Afghanistan’s flag has been changed or modified at least 18 times over the past 100 years.
The Taliban intends to replace the Afghan national flag with their white banner bearing the Shahada “La ilah ila Allah, Mohammad rasoul Allah” (There is no god but God and Muhammad is God’s messenger) after retaking the country on Sunday.
The removal of the Afghan flag has triggered protests in at least two Afghan cities, with at least three people killed in the eastern city of Jalalabad during an anti-Taliban protest. In a video that went viral on social media, protesters in Jalalabad tried to place the government flag on a crowded street’s pedestrian bridge after it was replaced with the Taliban banner.
This is not the first time Afghanistan’s flag has changed.
Since the Emirate of Afghanistan became fully independent from Britain more than 100 years ago, its flag has changed at least 18 times.
Here’s the story of how Afghanistan’s flag has evolved over the past 100 years.
Habibullah Khan rules the Emirate of Afghanistan, a British protectorate. He modifies his father’s solid black flag with a seal showing a mosque above two crossed swords, encircled by a wreath.
The Emirate of Afghanistan becomes fully independent from Britain under Prince Amanullah Khan. The mosque at the centre of the seal is a recurring symbol, as are the crossed swords. Amanullah replaces the wreath with a radiating octagram and makes the swords smaller.
King Amanullah declares the Kingdom of Afghanistan in 1926. The flag and emblem change. The octagram is replaced with a wreath, the swords are removed and the mosque now highlights the mihrab (prayer niche) facing Mecca. Amanullah has several flags times during his reign.
Amanullah flees an uprising against him, crowning his brother who abdicates a few days later. Afghanistan becomes an emirate under Habibullah Kalakani. The flag changes to a tricolour similar to a flag flown by invading Mongol forces in the 13th century.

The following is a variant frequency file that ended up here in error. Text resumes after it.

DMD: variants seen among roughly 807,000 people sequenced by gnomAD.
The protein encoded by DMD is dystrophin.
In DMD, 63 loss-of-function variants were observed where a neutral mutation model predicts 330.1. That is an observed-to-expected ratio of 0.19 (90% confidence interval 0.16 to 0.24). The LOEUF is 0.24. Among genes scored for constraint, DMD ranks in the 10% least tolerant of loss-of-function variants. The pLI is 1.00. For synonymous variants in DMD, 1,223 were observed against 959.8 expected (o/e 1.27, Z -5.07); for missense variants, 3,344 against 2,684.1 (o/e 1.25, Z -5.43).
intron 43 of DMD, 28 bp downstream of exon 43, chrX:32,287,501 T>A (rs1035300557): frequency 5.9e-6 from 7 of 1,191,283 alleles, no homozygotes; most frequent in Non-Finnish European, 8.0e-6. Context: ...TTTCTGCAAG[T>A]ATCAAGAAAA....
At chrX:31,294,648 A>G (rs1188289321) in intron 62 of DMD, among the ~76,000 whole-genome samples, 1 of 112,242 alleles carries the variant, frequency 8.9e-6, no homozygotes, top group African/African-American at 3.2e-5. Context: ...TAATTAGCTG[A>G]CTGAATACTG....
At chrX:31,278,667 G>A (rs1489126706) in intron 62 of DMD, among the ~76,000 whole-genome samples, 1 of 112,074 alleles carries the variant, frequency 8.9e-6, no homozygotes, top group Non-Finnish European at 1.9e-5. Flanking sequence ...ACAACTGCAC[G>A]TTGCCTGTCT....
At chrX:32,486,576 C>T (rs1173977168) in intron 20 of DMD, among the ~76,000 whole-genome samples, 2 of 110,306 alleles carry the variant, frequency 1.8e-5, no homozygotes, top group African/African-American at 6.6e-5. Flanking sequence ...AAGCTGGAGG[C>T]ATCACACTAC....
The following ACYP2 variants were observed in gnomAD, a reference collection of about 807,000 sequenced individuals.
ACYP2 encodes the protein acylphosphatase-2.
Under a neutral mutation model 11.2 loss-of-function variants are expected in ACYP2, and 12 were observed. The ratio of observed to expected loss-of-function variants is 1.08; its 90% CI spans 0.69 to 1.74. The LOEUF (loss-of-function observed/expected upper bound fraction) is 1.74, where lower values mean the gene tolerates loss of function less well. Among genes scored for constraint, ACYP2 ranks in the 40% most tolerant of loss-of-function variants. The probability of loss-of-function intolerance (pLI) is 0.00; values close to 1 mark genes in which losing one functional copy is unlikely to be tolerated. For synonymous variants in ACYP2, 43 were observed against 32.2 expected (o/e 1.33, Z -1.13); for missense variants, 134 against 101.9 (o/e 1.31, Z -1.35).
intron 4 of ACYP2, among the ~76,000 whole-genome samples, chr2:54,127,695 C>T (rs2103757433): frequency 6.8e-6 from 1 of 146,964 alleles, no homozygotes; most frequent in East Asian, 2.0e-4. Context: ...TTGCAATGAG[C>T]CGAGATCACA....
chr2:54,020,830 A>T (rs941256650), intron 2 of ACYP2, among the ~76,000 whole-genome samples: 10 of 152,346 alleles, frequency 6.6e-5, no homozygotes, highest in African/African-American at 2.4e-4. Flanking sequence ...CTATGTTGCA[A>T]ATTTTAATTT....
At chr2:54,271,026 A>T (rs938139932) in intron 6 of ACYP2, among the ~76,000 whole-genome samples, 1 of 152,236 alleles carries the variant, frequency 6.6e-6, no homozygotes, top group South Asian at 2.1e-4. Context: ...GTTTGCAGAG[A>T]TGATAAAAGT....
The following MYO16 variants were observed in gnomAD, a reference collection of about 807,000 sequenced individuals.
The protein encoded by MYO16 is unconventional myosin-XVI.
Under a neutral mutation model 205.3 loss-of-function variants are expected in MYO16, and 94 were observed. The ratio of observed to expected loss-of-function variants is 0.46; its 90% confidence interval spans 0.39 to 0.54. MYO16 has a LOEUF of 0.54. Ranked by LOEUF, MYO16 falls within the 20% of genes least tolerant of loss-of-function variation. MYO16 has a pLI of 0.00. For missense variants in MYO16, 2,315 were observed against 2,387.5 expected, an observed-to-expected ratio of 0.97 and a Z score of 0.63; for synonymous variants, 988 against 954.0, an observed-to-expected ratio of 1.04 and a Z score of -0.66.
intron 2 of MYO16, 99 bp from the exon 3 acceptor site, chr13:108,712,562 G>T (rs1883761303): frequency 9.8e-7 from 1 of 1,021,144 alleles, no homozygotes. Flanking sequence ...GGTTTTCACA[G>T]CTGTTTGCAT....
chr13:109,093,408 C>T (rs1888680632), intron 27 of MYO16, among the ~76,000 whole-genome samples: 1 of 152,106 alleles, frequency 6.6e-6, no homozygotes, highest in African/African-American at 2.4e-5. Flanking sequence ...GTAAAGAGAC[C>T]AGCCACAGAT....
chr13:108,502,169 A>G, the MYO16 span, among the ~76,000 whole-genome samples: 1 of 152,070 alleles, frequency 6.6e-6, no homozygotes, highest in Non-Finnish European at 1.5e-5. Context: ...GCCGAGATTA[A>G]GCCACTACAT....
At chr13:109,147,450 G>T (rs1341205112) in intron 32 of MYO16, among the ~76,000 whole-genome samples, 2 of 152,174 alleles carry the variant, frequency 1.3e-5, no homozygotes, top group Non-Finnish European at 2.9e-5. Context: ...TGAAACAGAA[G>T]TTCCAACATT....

Amanullah’s cousin Mohammed Nadir Shah leads a tribal rebellion, declaring a kingdom once more under him. The flag reverts to a tricolour flown briefly under Amanullah, black for the past, red representing the blood shed for freedom, and green, prosperity. Amanullah’s original seal is at the centre.
Nadir is assassinated, his son Mohammed Zahir becomes king, bringing stability. He keeps his father’s last flag. In it, the seal changes, with the mosque from the kingdom’s first flag above the Hijri year Nadir’s rule began, surrounded by sheaves of wheat.
Zahir’s cousin Mohammed Daoud Khan overthrows him in a military coup and makes Afghanistan a republic under him. For nearly a year, the flag stays mostly the same, with the removal of Nadir’s dynastic date.
The republic’s flag changes, keeping the colours but changing their orientation. An eagle in the corner spreads its wings to show the mihrab on its chest and is surrounded by sheaves of wheat.
Daoud is killed in a communist coup, Nur Mohammad Taraki becomes president. At first, the seal is dropped from the flag, then it changes to a red flag with a seal in the corner. The word “Khalq” (people) is surrounded by wheat and a ribbon praising the coup underneath. Praise aside, the people are unhappy with their rulers, and the country becomes unstable.